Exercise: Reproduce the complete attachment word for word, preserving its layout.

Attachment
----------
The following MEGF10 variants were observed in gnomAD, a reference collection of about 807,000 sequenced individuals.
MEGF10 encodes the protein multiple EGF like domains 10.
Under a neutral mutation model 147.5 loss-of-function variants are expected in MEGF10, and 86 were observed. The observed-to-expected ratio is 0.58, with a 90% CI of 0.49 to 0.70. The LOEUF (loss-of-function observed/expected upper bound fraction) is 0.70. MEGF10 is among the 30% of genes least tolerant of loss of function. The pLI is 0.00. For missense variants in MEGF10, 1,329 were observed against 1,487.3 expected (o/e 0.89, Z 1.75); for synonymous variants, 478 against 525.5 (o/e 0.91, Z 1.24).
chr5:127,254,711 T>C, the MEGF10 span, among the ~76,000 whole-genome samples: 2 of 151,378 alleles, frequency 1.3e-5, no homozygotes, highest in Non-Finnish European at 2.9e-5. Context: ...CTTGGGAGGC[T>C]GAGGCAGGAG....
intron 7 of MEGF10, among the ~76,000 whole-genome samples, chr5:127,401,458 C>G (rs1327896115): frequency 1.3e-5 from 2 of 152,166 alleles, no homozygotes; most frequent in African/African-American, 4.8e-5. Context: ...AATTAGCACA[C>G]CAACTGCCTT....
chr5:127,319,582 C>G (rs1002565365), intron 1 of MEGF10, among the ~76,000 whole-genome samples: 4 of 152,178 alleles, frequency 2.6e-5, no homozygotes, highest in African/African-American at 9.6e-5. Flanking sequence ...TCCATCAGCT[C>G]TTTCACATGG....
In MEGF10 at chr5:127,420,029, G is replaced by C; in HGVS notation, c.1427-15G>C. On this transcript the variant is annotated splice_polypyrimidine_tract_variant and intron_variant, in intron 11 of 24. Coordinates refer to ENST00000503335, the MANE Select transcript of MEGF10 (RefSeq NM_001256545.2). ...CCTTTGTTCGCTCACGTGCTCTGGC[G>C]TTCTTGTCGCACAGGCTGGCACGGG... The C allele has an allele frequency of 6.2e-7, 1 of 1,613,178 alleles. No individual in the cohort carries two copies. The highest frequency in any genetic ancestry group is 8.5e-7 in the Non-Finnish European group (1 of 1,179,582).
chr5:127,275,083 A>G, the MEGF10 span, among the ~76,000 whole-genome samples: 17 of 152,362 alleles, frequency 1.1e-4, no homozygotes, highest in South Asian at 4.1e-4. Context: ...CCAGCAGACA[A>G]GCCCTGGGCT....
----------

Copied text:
The following MEGF10 variants were observed in gnomAD, a reference collection of about 807,000 sequenced individuals.
MEGF10 encodes the protein multiple EGF like domains 10.
Under a neutral mutation model 147.5 loss-of-function variants are expected in MEGF10, and 86 were observed. The observed-to-expected ratio is 0.58, with a 90% CI of 0.49 to 0.70. The LOEUF (loss-of-function observed/expected upper bound fraction) is 0.70. MEGF10 is among the 30% of genes least tolerant of loss of function. The pLI is 0.00. For missense variants in MEGF10, 1,329 were observed against 1,487.3 expected (o/e 0.89, Z 1.75); for synonymous variants, 478 against 525.5 (o/e 0.91, Z 1.24).
chr5:127,254,711 T>C, the MEGF10 span, among the ~76,000 whole-genome samples: 2 of 151,378 alleles, frequency 1.3e-5, no homozygotes, highest in Non-Finnish European at 2.9e-5. Context: ...CTTGGGAGGC[T>C]GAGGCAGGAG....
intron 7 of MEGF10, among the ~76,000 whole-genome samples, chr5:127,401,458 C>G (rs1327896115): frequency 1.3e-5 from 2 of 152,166 alleles, no homozygotes; most frequent in African/African-American, 4.8e-5. Context: ...AATTAGCACA[C>G]CAACTGCCTT....
chr5:127,319,582 C>G (rs1002565365), intron 1 of MEGF10, among the ~76,000 whole-genome samples: 4 of 152,178 alleles, frequency 2.6e-5, no homozygotes, highest in African/African-American at 9.6e-5. Flanking sequence ...TCCATCAGCT[C>G]TTTCACATGG....
In MEGF10 at chr5:127,420,029, G is replaced by C; in HGVS notation, c.1427-15G>C. On this transcript the variant is annotated splice_polypyrimidine_tract_variant and intron_variant, in intron 11 of 24. Coordinates refer to ENST00000503335, the MANE Select transcript of MEGF10 (RefSeq NM_001256545.2). ...CCTTTGTTCGCTCACGTGCTCTGGC[G>C]TTCTTGTCGCACAGGCTGGCACGGG... The C allele has an allele frequency of 6.2e-7, 1 of 1,613,178 alleles. No individual in the cohort carries two copies. The highest frequency in any genetic ancestry group is 8.5e-7 in the Non-Finnish European group (1 of 1,179,582).
chr5:127,275,083 A>G, the MEGF10 span, among the ~76,000 whole-genome samples: 17 of 152,362 alleles, frequency 1.1e-4, no homozygotes, highest in South Asian at 4.1e-4. Context: ...CCAGCAGACA[A>G]GCCCTGGGCT....